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Nancy Goes to Rio

Nancy Goes to Rio(1950)

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teaser Nancy Goes to Rio (1950)

Although considered a minor musical in its time, Nancy Goes to Rio (1950)marked important transitions for three of the musical genre's mostmemorable stars. For Jane Powell, it was the last of the juvenile rolesthat had built her popularity at MGM. For Ann Sothern and Latin sensationCarmen Miranda, it marked an end to their associations with thestudio.

Powell had signed with MGM in 1944 at the age of 15 after impressing talentscouts with her surprisingly mature soprano voice on the radio. After twoyears of loan-outs to other studios, she was handed to producer JoePasternak, who had made a star of child soprano Deanna Durbin at UniversalPictures. Durbin had originally been under contract at MGM, but the studiohad released her, only to see her save Universal from bankruptcy in thelate '30s. From that point, studio executives at Metro had been consumedwith finding a Durbin of their own, and Powell fit the bill perfectly.They even bought remake rights to some of Durbin's hits. That CertainAge (1938) became Powell's first MGM picture, renamed Holiday inMexico (1946), followed by a remake of Three Smart Girls (1936)as Three Daring Daughters (1948). In 1950, they remade It's aDate (1940) -- about an aspiring actress who finds herself competingwith her mother (Sothern) for the same role and the same man (BarrySullivan) -- as Nancy Goes to Rio. Complicating matters was thefalse suspicion that Powell's character was pregnant, a bow to the factthat MGM's little singing star was growing up.

She was growing up off-screen, too. She had married former ice skaterGeary Anthony Steffen II a year earlier, and would have her first child in1951. She underwent another rite of passage during rehearsals, when sheraised her arms during a dance number, and choreographer Nick Castlerealized that she had never been told to shave under her arms. Powellwould later write in her memoirs (The Girl Next Door...and How SheGrew) that her mother had never really explained adult life to her.Castle took her aside and explained that it was time she started shavingher legs and under her arms. MGM would finally admit that Powell was anadult with her next film, Two Weeks With Love (1950), in which sheshared billing with her first grown-up romantic interest, RicardoMontalban.

For Sothern, Nancy Goes to Rio marked the end of her longassociation with MGM. Although she had appeared in a few of their filmswhile under contract to other studios, Metro had finally signed her in 1939to play the title role in Maisie, a comic adventure written for thelate Jean Harlow. Sothern starred in six more Maisie films, all ofthem low budget, though they actually were more popular than many of thestudio's A pictures. She also toplined some major films there, includingthe musicals Lady Be Good (1941) and Panama Hattie (1942),though bad luck and bad timing kept her out of some roles that could havethrust her into the studio's top ranks. She finished her contract withUndercover Maisie in 1947. Nancy Goes to Rio would mark herlast appearance at the studio and her final big-screen musical beforefinally hitting the big time with the television series PrivateSecretary in 1953.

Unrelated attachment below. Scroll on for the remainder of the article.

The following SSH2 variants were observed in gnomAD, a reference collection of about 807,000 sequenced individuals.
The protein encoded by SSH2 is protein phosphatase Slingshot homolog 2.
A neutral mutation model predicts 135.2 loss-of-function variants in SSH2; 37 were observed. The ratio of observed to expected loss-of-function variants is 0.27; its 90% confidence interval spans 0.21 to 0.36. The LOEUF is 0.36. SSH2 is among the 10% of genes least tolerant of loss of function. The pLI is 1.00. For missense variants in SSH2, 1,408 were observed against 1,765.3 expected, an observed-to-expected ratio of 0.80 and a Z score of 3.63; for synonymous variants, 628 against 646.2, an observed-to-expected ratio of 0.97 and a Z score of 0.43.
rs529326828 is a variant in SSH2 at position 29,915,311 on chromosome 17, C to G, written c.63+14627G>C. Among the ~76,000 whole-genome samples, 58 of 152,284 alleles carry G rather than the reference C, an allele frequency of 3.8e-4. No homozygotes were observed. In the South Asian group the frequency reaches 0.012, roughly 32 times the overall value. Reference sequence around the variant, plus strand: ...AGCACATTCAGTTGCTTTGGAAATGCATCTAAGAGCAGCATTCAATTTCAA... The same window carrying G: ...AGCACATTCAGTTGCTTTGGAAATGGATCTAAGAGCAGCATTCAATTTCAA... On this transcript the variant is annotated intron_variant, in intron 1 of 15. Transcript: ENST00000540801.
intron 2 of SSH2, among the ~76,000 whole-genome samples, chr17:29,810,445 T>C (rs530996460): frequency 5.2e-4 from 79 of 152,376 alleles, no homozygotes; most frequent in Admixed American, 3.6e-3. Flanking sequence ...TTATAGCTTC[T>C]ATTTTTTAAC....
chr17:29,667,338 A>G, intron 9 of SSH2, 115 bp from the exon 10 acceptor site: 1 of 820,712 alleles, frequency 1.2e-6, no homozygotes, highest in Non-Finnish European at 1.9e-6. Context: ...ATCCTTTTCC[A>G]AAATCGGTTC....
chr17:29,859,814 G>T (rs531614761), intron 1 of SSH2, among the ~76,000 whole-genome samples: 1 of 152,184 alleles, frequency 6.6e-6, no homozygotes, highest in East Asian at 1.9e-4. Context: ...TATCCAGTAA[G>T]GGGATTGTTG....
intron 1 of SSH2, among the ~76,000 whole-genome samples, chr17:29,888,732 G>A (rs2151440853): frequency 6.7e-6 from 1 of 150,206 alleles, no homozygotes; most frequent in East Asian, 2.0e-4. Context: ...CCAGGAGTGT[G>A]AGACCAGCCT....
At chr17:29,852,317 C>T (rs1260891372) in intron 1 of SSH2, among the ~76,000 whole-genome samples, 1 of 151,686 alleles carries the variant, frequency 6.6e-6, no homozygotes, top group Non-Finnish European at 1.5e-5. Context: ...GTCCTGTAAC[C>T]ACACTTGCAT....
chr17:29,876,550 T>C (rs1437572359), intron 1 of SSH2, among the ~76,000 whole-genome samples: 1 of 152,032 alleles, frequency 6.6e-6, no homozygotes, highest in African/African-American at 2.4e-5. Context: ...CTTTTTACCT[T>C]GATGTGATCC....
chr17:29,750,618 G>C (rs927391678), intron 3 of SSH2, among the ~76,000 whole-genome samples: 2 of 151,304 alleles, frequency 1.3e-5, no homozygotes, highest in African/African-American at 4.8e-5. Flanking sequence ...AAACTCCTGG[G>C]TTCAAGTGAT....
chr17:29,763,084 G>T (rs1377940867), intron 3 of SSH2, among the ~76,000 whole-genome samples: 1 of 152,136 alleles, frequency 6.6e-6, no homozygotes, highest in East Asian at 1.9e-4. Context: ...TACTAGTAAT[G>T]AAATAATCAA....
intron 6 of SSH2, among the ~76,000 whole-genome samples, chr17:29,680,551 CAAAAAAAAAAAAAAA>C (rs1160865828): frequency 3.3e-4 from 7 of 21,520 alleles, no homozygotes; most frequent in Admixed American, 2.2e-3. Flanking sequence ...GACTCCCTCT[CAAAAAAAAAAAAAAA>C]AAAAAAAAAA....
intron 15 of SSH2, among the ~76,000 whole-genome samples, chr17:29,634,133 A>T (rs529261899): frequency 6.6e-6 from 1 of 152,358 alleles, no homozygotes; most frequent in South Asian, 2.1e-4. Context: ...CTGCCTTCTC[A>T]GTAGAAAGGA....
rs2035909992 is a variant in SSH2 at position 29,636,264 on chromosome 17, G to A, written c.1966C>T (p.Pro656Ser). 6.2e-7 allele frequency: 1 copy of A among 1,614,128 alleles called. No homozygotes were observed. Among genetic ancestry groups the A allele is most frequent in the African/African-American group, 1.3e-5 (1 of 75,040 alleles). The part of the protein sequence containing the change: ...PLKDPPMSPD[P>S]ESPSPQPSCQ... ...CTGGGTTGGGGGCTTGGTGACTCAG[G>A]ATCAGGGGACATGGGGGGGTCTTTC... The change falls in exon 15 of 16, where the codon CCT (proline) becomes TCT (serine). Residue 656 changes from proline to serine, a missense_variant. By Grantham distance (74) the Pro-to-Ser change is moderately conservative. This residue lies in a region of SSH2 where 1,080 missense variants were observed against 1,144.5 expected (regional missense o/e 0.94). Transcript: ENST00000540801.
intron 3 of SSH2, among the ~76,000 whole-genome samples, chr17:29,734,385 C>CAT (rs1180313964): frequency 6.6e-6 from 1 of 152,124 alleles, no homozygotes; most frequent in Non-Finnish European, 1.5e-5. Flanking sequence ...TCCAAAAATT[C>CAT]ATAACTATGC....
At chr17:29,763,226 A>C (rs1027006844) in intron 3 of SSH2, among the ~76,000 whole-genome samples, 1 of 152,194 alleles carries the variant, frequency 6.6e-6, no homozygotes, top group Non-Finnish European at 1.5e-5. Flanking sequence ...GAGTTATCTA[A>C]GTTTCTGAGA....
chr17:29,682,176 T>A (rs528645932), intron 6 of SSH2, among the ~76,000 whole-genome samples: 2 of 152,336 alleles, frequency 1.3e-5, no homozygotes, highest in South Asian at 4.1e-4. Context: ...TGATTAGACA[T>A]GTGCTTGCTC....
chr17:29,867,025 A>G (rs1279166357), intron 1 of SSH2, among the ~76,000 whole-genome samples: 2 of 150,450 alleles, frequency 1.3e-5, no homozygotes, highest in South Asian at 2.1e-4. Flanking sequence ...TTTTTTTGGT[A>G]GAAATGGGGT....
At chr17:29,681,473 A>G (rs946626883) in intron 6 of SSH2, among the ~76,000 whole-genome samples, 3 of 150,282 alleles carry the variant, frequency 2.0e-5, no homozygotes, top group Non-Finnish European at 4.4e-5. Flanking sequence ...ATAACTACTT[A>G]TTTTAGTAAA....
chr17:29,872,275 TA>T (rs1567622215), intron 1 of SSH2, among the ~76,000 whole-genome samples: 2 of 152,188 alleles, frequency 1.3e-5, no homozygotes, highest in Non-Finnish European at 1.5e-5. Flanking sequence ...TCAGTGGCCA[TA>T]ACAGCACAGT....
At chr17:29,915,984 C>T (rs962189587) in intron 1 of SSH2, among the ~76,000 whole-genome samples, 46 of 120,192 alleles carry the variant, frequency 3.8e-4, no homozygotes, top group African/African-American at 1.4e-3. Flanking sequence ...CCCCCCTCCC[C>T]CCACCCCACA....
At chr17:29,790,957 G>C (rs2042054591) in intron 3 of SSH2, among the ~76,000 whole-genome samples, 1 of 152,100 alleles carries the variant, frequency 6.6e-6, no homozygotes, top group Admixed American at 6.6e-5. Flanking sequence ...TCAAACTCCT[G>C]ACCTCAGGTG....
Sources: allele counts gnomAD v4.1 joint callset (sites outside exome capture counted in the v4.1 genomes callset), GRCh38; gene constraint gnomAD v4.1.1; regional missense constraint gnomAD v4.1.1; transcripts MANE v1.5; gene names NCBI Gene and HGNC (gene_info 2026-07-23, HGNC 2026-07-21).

Nancy Goes to Rio marked the end of Miranda's tenure at MGM, too,though she had only been with the studio for two films. She had spent mostof her U.S. film career at 20th Century-Fox, helping the studio develop alarge audience in Latin America to replace the European markets lost in the'40s because of World War II. When the war ended, however, Hollywood'sfascination with all things Latin began to decline, and Miranda found herimage as the "Brazilian Bombshell" limited her screen possibilities, eventhough she had been the highest paid entertainer of the '40s. She signedwith MGM for the Powell musical A Date With Judy (1948), in whichher tempestuous comedic presence and exotic musical numbers provided a perfectcontrast to Powell's more homespun charms. For her second MGM picture, shewas just about the only authentic thing about the film's Rio de Janeirosetting. The picture never left the backlot, where most of the landmarkswere painted backdrops. When the film was released, Brazilian audiencescouldn't miss the fact that such well-known landmarks as Sugar Loaf and theCorcovado Mountain were shown almost side by side, even though they'remiles apart in reality. Miranda's big number was the traditional song"Caroon Pa Pa," for which costume designer Helen Rose replaced the fruitthe singing star usually wore in her famous "tutti frutti" hats with tinyumbrellas. Despite getting some of the film's strongest reviews, Mirandahad no future projects at MGM. She would only make one more film, the DeanMartin-Jerry Lewis comedy Scared Stiff (1953), before her suddendeath from a heart attack in 1955.

Producer: Joe Pasternak
Director: Robert Z. Leonard
Screenplay: Sidney Sheldon
Based on a story by Jane Hall, Frederick Kohner & Ralph Block
Cinematography: Ray June
Art Direction: Cedric Gibbons, Jack Martin SmithMusic: George Stoll, Ray Gilbert
Principal Cast: Jane Powell (Nancy Barklay), Ann Sothern (Frances Elliott),Barry Sullivan (Paul Berten), Carmen Miranda (Marina Rodriguez), LouisCalhern (Gregory Elliott), Scotty Beckett (Scotty Sheldon), Hans Conried(Alfredo), Frank Fontaine (Masher).
C-100m. Closed Captioning.

by Frank Miller

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